My biggest regret of my visit to Mardin, Turkey, was turning down an invitation to tea. I was traveling through southeastern Turkey with three other single women, and we had just arrived in Mardin one late spring afternoon. As soon as we arrived in the old town, with its crowded, narrow, cobblestone streets, we started scouting out for a hotel. We had a guidebook with some recommendations, but no reservation. The first place we went to, up on a rise above the main street, flatly told us that their hotel wasn’t good enough for us, we didn’t want to stay there. They recommended a 4-star resort type hotel near the center of town. We stopped at another budget hostel on the way to the recommended hotel, and they were full. In the end, we found some unique accommodations.  We were duly impressed by the picturesque middle-eastern style reception rooms with Turkish carpets and curved sword wall hangings, sandstone patios with lovely views, and beautiful clean bedrooms. The price was not too bad either, for the accommodation, so we happily agreed to stay.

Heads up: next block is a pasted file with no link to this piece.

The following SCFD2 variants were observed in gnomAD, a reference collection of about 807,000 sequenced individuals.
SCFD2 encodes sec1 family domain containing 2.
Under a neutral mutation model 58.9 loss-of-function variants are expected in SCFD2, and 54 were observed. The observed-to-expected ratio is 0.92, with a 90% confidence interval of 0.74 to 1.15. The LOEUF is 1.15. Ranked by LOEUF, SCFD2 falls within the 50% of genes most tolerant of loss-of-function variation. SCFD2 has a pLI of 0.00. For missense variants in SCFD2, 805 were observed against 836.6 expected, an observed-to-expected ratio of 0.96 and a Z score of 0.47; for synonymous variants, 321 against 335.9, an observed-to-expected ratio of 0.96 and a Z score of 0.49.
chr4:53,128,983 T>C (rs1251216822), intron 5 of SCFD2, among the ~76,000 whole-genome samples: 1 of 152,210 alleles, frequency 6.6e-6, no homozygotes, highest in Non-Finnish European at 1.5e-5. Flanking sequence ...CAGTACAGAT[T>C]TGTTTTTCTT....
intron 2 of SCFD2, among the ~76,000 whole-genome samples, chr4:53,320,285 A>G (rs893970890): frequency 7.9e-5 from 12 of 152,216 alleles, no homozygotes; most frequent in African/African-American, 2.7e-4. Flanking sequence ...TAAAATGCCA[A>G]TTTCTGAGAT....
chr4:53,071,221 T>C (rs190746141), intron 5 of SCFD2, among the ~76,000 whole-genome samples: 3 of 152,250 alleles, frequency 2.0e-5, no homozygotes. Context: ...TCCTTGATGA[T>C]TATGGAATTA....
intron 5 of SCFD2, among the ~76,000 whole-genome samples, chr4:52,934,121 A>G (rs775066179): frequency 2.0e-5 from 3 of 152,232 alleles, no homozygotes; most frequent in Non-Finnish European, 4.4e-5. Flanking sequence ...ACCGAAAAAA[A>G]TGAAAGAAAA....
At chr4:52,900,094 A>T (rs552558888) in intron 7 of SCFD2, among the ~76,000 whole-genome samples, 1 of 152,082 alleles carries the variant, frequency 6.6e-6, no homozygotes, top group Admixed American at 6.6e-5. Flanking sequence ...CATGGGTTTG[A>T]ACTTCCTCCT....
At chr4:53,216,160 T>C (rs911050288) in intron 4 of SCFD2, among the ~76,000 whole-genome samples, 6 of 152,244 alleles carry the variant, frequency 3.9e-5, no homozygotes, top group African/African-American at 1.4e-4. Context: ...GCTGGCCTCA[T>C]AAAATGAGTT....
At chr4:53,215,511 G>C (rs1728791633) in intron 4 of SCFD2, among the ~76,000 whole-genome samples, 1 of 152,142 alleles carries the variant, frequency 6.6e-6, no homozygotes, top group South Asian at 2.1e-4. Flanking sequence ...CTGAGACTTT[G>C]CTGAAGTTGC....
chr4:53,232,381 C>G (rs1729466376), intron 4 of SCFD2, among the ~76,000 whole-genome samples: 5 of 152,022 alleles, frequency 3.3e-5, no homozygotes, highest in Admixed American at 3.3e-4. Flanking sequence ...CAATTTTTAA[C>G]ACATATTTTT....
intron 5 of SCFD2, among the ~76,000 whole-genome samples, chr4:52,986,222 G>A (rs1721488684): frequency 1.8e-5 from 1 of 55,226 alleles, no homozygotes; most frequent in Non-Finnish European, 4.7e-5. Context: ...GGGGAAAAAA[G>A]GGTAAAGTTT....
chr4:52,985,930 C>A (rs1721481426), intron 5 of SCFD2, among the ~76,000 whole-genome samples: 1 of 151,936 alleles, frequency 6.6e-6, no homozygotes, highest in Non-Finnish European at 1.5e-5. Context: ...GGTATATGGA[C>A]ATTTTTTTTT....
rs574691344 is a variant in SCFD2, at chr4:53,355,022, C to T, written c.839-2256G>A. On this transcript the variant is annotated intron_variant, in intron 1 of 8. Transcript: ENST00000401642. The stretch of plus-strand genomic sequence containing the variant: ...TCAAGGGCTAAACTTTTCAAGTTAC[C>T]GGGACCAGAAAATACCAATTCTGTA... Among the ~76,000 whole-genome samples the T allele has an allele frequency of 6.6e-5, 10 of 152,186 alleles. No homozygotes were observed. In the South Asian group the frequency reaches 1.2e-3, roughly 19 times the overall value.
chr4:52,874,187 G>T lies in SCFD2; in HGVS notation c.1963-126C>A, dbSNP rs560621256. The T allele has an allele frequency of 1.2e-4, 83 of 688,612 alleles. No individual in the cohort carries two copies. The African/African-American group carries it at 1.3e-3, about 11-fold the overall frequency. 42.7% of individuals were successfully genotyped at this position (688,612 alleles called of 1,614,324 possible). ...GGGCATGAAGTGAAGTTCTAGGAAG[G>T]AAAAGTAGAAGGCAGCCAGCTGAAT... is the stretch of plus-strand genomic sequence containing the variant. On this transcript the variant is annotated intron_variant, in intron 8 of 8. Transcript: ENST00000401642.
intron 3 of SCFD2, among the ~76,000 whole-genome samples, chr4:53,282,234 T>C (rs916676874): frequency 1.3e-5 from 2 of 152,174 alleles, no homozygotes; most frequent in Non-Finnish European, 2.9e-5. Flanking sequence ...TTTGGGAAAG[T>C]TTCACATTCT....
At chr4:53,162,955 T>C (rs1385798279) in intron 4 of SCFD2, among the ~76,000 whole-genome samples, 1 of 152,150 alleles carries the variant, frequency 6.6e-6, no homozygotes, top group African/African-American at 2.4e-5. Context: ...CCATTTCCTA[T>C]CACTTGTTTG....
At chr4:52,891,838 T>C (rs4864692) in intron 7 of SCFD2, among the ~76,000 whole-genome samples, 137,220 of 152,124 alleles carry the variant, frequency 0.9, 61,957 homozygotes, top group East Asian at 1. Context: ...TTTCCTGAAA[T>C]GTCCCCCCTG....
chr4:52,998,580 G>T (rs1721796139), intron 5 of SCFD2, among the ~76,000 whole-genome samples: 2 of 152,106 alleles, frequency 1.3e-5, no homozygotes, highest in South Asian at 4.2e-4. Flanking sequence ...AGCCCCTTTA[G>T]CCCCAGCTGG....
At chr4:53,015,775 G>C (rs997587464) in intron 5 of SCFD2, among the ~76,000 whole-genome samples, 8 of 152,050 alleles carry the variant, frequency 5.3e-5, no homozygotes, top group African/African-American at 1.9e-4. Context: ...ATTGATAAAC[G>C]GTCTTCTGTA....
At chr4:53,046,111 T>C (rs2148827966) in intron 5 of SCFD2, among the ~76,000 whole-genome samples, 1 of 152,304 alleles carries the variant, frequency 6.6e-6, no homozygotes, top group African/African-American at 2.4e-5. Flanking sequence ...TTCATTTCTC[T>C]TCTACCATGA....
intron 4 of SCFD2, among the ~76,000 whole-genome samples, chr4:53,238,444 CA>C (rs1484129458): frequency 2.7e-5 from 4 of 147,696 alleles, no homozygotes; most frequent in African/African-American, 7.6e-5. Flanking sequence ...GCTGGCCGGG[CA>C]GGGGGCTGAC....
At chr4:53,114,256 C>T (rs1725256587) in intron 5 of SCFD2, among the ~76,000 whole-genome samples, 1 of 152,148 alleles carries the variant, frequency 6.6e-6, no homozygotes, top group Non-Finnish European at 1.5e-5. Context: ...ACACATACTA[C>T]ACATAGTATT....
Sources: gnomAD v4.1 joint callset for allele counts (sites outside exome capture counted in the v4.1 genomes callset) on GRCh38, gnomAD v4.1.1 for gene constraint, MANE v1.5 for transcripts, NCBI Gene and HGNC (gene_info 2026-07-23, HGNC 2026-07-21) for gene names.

Our hotel booked and bags dropped off in our rooms, we ventured back out onto the noisy streets busy with foot, vehicle, bicycle, and occasional donkey traffic, to look around. Mardin is perched on the edge of a plateau, overlooking a vast plain. On a clear day, you can see all the way to Syria. The town of Mardin itself is full of steep streets and rocky overlooks. We walked along in the late afternoon sun, noting the interesting sites that we wanted to see more of the next day, including the imposing, historical post office, and a few medressas (religious schools). We found our way somehow onto a back path on an outcrop, almost level with the flat roofs of a row of houses on the street below. Sitting on the top of one of the roofs was a group of middle-aged Turkish ladies chatting and drinking tea. They noticed us on the path and waved. Then one lady called out in Turkish, inviting us to come up there and join them, and soon the whole group had joined in the invitation. It took a minute with our limited Turkish skills to understand what they wanted. When we realized it was an invitation, we smiled and waved our thanks, but demurred. My excuses were that I didn’t know enough Turkish, it would be awkward, it was getting late, they were strangers. I still regret not accepting that invitation. I’m sure it would have been awkward, but it would have been fascinating, memorable, a window into the lives of the local women in Mardin, Turkey. The next time I got an invitation to tea from an unknown lady in my travels in Turkey, I said yes. And it was unforgettable.